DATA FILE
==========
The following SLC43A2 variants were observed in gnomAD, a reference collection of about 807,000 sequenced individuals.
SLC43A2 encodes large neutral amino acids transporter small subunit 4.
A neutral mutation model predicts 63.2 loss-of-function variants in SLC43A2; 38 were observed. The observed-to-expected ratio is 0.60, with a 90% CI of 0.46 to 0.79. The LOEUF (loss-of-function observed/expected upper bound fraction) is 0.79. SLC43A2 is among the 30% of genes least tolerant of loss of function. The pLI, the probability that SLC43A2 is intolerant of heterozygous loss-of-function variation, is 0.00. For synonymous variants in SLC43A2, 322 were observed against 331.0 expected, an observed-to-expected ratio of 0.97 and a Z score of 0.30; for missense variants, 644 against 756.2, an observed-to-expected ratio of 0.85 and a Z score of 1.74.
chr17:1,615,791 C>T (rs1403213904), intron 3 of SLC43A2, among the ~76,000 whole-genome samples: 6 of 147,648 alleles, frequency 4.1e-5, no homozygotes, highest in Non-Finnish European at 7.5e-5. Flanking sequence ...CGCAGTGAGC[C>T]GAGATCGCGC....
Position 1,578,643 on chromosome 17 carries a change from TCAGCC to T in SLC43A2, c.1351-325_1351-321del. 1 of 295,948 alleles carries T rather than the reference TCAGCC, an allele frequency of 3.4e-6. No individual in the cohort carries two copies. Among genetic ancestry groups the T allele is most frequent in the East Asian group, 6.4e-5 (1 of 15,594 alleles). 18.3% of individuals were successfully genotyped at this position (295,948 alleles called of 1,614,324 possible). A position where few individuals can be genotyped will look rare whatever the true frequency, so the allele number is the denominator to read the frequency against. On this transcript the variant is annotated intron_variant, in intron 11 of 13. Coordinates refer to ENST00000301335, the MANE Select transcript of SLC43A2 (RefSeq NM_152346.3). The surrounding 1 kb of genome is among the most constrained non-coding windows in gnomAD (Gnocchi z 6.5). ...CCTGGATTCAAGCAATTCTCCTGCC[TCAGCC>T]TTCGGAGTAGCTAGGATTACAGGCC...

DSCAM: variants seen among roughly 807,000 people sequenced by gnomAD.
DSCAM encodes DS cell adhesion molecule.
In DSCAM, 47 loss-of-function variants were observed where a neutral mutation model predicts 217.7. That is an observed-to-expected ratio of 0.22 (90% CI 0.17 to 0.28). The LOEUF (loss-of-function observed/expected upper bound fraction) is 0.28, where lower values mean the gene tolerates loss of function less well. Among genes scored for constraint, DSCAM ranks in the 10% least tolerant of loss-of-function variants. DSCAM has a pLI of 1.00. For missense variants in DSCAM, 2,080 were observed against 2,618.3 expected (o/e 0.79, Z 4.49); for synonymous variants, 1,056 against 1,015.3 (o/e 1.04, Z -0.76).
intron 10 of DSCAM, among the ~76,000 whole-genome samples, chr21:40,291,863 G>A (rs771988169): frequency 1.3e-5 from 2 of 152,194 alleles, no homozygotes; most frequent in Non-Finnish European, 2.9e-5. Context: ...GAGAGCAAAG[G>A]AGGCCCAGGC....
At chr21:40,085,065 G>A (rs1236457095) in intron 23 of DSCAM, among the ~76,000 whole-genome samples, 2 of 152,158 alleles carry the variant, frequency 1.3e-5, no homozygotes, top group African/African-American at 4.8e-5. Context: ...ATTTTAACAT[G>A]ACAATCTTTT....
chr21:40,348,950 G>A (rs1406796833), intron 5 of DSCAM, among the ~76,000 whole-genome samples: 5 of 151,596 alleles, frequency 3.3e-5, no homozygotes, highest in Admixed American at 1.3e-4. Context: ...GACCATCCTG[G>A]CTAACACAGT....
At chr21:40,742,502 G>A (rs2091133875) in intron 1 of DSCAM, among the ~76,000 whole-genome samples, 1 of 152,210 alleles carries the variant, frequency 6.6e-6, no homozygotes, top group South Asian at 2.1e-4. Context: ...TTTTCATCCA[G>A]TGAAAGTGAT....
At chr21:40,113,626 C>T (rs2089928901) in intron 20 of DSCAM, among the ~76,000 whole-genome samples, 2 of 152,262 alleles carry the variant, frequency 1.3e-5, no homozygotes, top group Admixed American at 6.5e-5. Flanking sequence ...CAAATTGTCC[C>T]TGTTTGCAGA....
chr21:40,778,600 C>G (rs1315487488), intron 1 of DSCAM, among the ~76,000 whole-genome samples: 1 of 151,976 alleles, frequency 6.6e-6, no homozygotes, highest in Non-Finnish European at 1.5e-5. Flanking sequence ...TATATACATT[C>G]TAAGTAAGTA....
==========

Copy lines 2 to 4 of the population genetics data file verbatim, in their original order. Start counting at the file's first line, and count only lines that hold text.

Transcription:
SLC43A2 encodes large neutral amino acids transporter small subunit 4.
A neutral mutation model predicts 63.2 loss-of-function variants in SLC43A2; 38 were observed. The observed-to-expected ratio is 0.60, with a 90% CI of 0.46 to 0.79. The LOEUF (loss-of-function observed/expected upper bound fraction) is 0.79. SLC43A2 is among the 30% of genes least tolerant of loss of function. The pLI, the probability that SLC43A2 is intolerant of heterozygous loss-of-function variation, is 0.00. For synonymous variants in SLC43A2, 322 were observed against 331.0 expected, an observed-to-expected ratio of 0.97 and a Z score of 0.30; for missense variants, 644 against 756.2, an observed-to-expected ratio of 0.85 and a Z score of 1.74.
chr17:1,615,791 C>T (rs1403213904), intron 3 of SLC43A2, among the ~76,000 whole-genome samples: 6 of 147,648 alleles, frequency 4.1e-5, no homozygotes, highest in Non-Finnish European at 7.5e-5. Flanking sequence ...CGCAGTGAGC[C>T]GAGATCGCGC....